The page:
Baumgarten, Alexander Gottlieb (1714–1762)
BAUMGARTEN, ALEXANDER GOTTLIEB
Alexander Gottlieb Baumgarten, the German Wolffian philosopher and aesthetician, was born in Berlin. He was the son of an assistant to the Pietist theologian and pedagogue August Hermann Francke; his brother was the famous divine and church historian Sigmund Jakob. Baumgarten studied philosophy and theology at Halle. After receiving a master's degree in 1735, he was appointed a teacher at Halle and in 1738 became extraordinary professor. While teaching there, Baumgarten, in reaction against the Pietism dominant at Halle after the expulsion of Christian Wolff in 1723, reintroduced Wolffian philosophy. In 1740 he was appointed full professor at Frankfurt an der Oder, where he remained until his death.
Baumgarten's Latin handbooks on metaphysics, ethics, and practical philosophy were widely used in German universities both in his time and after his death, and his influence was extraordinary. Kant considered him to be one of the greatest metaphysicians of his time and adopted his Metaphysics and Practical Philosophy as textbooks for his own lectures at Königsberg. With the exception of his works on aesthetics, Baumgarten in general kept very close to Wolff's teachings, although he dissented from Wolff on several special points. For instance, he adopted a middle position in the controversy over the problem of the interaction of substances by reconciling Wolff's theory of the "preestablished harmony" of the soul and body with the theory of physical influence supported by the Pietists. Baumgarten, as a supporter of Leibnizian panpsychism, applied his solution to the connections among all substances. Wolff, to the contrary, distinguished very sharply between spiritual and material substances. Baumgarten was thus less Leibnizian than Wolff in accepting physical influence and more Leibnizian in his panpsychism.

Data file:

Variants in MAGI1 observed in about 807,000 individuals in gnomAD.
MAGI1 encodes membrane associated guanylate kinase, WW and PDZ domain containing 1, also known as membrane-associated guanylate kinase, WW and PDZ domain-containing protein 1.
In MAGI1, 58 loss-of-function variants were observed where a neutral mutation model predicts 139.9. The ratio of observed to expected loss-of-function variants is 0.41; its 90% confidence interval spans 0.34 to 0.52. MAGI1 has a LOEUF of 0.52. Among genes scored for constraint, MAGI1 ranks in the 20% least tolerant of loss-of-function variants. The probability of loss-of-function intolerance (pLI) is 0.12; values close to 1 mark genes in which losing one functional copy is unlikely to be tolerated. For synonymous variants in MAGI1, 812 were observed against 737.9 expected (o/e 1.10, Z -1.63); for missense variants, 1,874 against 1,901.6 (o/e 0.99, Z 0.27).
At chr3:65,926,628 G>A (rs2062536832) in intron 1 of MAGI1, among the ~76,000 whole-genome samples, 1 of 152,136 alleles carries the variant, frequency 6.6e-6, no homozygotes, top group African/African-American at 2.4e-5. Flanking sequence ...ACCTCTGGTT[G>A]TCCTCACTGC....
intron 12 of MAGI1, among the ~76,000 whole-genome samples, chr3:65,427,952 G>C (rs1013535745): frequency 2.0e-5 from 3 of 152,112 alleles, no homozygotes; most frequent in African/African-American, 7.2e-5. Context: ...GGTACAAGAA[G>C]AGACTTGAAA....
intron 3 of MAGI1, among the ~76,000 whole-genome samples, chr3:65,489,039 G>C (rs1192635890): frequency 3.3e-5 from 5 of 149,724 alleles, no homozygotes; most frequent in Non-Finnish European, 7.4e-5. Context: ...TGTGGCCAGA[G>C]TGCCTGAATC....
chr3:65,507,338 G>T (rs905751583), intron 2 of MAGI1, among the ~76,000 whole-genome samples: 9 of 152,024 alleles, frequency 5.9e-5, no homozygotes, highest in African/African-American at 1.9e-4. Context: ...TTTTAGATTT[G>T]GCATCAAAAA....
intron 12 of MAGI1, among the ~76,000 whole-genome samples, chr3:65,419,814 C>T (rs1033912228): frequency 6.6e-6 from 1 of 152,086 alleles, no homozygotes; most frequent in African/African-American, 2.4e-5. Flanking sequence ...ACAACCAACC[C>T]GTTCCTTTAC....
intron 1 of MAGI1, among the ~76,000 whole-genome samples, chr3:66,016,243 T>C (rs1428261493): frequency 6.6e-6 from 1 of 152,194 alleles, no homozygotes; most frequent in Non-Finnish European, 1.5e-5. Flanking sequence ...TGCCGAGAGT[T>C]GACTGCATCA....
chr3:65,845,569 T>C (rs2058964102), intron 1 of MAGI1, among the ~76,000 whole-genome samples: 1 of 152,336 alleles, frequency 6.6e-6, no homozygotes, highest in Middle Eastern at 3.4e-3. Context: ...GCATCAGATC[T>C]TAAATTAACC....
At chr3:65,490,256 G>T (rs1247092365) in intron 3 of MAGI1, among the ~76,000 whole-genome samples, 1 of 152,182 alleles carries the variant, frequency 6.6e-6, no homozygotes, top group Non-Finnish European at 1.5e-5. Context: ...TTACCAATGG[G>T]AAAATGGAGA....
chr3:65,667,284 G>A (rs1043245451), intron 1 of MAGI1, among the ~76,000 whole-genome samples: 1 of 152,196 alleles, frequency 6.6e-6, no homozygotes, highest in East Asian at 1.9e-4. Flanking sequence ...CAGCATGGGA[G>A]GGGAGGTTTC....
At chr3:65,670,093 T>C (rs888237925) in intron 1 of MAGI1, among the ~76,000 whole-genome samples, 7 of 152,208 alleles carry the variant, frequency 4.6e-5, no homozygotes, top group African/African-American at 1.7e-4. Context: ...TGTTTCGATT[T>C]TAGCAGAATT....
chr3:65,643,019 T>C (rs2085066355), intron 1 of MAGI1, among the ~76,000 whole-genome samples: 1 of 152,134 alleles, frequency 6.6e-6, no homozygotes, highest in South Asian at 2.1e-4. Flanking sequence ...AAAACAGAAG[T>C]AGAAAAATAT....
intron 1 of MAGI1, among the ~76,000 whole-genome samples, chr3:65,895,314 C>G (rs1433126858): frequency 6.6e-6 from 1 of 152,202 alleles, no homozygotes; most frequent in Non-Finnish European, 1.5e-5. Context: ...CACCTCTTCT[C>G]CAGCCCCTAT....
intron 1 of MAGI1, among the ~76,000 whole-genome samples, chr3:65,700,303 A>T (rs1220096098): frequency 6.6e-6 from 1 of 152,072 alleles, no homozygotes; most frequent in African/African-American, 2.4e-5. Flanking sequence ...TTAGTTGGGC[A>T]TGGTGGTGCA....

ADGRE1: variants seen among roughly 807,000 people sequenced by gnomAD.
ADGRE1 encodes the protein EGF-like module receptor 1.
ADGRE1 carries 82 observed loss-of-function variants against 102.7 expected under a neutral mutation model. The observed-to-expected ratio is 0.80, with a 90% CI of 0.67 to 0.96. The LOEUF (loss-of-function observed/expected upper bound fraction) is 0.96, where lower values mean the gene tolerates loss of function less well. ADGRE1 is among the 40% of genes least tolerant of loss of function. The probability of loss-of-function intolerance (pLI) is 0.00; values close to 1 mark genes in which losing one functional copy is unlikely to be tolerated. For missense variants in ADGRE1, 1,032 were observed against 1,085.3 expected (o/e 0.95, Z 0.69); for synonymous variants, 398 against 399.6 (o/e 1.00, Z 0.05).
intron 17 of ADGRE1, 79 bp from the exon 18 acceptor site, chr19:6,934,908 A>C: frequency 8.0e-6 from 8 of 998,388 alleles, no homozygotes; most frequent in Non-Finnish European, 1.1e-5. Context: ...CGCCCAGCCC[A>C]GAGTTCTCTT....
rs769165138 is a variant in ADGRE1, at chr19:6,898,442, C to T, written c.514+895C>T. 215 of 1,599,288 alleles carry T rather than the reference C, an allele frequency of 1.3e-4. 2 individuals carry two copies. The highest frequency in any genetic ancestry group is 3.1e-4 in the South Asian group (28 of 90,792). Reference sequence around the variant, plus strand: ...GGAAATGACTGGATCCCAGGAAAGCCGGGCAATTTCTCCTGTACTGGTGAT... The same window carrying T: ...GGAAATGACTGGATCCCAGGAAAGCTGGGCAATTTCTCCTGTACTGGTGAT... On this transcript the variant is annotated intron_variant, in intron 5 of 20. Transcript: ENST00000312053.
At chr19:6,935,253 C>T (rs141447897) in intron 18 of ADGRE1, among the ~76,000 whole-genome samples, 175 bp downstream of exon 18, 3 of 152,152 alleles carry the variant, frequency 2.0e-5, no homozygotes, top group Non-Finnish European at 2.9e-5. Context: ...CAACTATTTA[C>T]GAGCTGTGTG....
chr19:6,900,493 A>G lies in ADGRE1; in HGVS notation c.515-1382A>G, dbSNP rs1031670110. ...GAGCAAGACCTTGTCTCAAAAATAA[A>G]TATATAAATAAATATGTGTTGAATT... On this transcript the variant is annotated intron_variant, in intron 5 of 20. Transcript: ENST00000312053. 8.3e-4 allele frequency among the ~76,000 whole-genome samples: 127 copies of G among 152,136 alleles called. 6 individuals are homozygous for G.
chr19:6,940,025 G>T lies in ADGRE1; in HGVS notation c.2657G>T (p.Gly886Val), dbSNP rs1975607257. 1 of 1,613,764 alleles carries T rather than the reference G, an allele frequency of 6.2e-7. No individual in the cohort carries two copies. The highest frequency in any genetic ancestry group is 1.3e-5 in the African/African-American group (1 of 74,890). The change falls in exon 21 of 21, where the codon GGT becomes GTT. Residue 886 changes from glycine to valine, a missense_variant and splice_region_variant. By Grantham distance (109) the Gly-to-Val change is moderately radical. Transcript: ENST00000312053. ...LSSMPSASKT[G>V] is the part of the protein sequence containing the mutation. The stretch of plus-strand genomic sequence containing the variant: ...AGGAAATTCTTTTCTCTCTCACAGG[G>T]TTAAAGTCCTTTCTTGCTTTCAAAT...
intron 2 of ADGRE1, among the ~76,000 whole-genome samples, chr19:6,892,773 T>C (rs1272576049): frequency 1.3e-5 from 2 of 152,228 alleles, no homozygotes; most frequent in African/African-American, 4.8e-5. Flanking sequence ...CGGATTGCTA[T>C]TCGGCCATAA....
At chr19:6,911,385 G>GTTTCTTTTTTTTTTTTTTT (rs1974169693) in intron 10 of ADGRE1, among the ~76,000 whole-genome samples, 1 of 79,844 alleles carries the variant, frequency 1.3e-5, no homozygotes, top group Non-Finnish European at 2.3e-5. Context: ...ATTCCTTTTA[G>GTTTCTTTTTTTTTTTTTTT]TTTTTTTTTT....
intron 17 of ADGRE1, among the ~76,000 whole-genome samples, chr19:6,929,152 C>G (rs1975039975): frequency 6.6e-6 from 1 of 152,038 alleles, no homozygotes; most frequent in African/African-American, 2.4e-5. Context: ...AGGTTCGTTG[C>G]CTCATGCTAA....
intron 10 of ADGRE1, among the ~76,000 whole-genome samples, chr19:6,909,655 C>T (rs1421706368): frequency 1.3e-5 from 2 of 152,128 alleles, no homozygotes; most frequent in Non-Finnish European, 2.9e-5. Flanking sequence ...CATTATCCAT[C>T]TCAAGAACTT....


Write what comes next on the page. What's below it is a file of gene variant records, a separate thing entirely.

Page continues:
Baumgarten made his most important contributions in the field of aesthetics, expanding a subject that had been summarily treated by Wolff and going far beyond Wolff in developing it. In this field he collaborated so closely with his pupil G. F. Meier (1718–1777) that it is difficult to establish the real authorship of many doctrines. There is a very close connection between Baumgarten's Meditationes Philosophicae de Nonnullis ad Poema Pertinentibus and his unfinished Aesthetica and Meier's Anfangsgründe aller schönen Künste und Wissenschaften (3 vols., Halle, 1748–1750). Baumgarten introduced the term aesthetics to designate that section of empirical psychology which treats of the inferior faculty, that is, the faculty of sensible knowledge. The problem of beauty was only one part of this subject. Even in Kant, aesthetics referred both to sensible knowledge in general and to knowledge of beauty and the sublime in particular. Only later was it restricted to the field of beauty and sublimity. Aesthetics and logic together composed, in Baumgarten's view, a science that he called gnoseology, or theory of knowledge.